In addition to our central prediction method we will use a series of benchmarks for comparison with our BAFS method. We hypothesize (quite modestly) that the BAFS will beat them all.

We will use the following benchmarks:

Adjusted polling average – we examine all the relevant pollster companies in the UK given their past performance in predicting the outcomes of the past two general elections (2015 and 2010), and one recent referendum – the Scottish independence referendum in 2014. We could go longer back in time and take into consideration the polls of local elections as well. However, we believe the more recent elections adequately encapsulate the shift in trend regarding polling methods in addition to its contemporary downsides. As far as local elections are concerned, we fear that they tend to be too specific and that predicting local outcomes and national outcomes are two different things. More precision on a local level need not translate into more precision on a national level. Given that the election of our concern is national (the EU referendum), it makes sense to focus only on the performance of national-level polls in the past. We are however open to discussion regarding this assumption.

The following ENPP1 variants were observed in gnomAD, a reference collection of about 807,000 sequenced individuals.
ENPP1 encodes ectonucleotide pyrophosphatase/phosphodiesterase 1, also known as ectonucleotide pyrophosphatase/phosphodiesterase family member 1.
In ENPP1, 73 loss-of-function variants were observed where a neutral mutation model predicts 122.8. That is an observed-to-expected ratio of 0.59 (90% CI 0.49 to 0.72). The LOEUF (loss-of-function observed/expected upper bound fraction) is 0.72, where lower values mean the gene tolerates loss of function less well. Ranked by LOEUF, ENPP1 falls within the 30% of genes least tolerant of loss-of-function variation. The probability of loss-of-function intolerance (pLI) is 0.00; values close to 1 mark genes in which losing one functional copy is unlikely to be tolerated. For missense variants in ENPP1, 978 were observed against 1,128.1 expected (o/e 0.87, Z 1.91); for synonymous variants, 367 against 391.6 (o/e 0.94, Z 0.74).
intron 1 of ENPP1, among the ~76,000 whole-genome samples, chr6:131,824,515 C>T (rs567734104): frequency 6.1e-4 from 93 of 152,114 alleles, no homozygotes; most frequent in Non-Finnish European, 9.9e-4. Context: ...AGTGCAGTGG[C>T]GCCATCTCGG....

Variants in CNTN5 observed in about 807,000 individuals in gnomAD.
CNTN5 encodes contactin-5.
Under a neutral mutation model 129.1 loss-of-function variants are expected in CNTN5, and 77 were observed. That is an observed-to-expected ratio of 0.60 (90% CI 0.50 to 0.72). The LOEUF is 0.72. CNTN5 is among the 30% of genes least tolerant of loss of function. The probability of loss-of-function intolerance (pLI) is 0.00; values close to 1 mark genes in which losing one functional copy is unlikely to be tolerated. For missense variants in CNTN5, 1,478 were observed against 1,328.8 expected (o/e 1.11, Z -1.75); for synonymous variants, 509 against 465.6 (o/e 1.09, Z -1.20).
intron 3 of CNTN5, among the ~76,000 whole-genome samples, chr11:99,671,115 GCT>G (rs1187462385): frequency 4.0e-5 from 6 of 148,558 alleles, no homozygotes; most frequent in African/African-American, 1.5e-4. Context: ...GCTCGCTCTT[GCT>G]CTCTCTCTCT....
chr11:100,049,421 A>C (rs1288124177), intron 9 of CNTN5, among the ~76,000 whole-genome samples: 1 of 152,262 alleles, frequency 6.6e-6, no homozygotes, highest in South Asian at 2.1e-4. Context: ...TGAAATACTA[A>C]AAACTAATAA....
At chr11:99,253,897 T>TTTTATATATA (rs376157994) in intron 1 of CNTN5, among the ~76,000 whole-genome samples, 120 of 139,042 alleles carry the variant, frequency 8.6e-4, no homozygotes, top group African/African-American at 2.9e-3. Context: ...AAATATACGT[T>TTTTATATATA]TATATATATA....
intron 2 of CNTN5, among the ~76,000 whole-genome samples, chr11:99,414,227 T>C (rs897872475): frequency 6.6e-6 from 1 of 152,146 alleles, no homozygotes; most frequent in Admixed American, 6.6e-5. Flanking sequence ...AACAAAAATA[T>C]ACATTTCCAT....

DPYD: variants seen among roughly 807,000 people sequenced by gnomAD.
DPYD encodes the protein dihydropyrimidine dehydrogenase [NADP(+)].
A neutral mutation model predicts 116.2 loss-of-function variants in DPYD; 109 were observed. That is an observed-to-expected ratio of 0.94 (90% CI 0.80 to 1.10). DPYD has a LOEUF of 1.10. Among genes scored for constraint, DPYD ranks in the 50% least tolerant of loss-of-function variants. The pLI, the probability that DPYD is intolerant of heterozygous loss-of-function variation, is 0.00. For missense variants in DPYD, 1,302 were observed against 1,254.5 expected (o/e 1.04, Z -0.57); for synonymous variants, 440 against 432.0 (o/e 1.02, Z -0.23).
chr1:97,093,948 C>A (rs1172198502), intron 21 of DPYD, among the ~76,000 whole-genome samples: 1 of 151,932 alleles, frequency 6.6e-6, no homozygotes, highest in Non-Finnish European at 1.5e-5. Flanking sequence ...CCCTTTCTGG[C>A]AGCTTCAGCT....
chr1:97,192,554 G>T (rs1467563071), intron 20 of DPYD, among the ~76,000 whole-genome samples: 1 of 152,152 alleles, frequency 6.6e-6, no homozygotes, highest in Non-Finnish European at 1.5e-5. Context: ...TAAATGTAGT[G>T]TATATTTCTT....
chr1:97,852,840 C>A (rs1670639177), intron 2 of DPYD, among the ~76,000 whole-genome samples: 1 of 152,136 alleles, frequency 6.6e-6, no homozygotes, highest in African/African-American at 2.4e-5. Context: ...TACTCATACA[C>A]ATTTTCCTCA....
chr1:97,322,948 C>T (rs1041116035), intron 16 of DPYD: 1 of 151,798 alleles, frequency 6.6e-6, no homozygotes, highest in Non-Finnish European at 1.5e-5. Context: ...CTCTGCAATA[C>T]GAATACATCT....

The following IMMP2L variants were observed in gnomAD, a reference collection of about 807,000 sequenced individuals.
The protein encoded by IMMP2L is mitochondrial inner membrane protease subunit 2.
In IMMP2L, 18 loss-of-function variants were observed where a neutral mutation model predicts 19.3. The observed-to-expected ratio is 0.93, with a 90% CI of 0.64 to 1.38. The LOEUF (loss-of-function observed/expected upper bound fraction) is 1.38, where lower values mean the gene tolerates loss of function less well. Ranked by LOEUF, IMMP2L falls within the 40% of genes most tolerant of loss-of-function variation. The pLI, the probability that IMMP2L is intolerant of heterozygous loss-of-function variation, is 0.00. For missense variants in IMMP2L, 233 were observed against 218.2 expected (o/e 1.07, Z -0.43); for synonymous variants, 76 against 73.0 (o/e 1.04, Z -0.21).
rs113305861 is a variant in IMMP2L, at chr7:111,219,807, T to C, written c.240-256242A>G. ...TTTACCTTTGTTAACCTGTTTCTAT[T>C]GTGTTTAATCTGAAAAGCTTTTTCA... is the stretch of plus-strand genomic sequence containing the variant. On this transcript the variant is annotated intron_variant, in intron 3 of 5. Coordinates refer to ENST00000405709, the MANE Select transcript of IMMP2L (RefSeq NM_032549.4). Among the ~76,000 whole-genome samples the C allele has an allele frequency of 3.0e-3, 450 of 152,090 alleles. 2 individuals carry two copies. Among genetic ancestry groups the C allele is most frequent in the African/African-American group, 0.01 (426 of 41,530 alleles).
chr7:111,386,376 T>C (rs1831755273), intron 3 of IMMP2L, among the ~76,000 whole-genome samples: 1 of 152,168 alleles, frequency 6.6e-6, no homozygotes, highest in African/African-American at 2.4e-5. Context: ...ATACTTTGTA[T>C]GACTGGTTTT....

In total we covered 516 polls from more than 20 different pollsters in the UK across the selected elections. Each pollster has been ranked according to its precision. The precision ranking is determined on a time scale (predictions closer to the election carry a greater weight) and a simple brier score is calculated to determine the forecasting accuracy of each pollster. Based on this ranking weights are assigned to all the pollsters. To calculate the final adjusted polling average we take all available national polls, adjust them according to timing, their sample size, whether or not they conduct an online or telephone poll, and their pre-determined ranking weight, and take the average score from all those weights. We also calculate the probability distribution for our final adjusted polling average.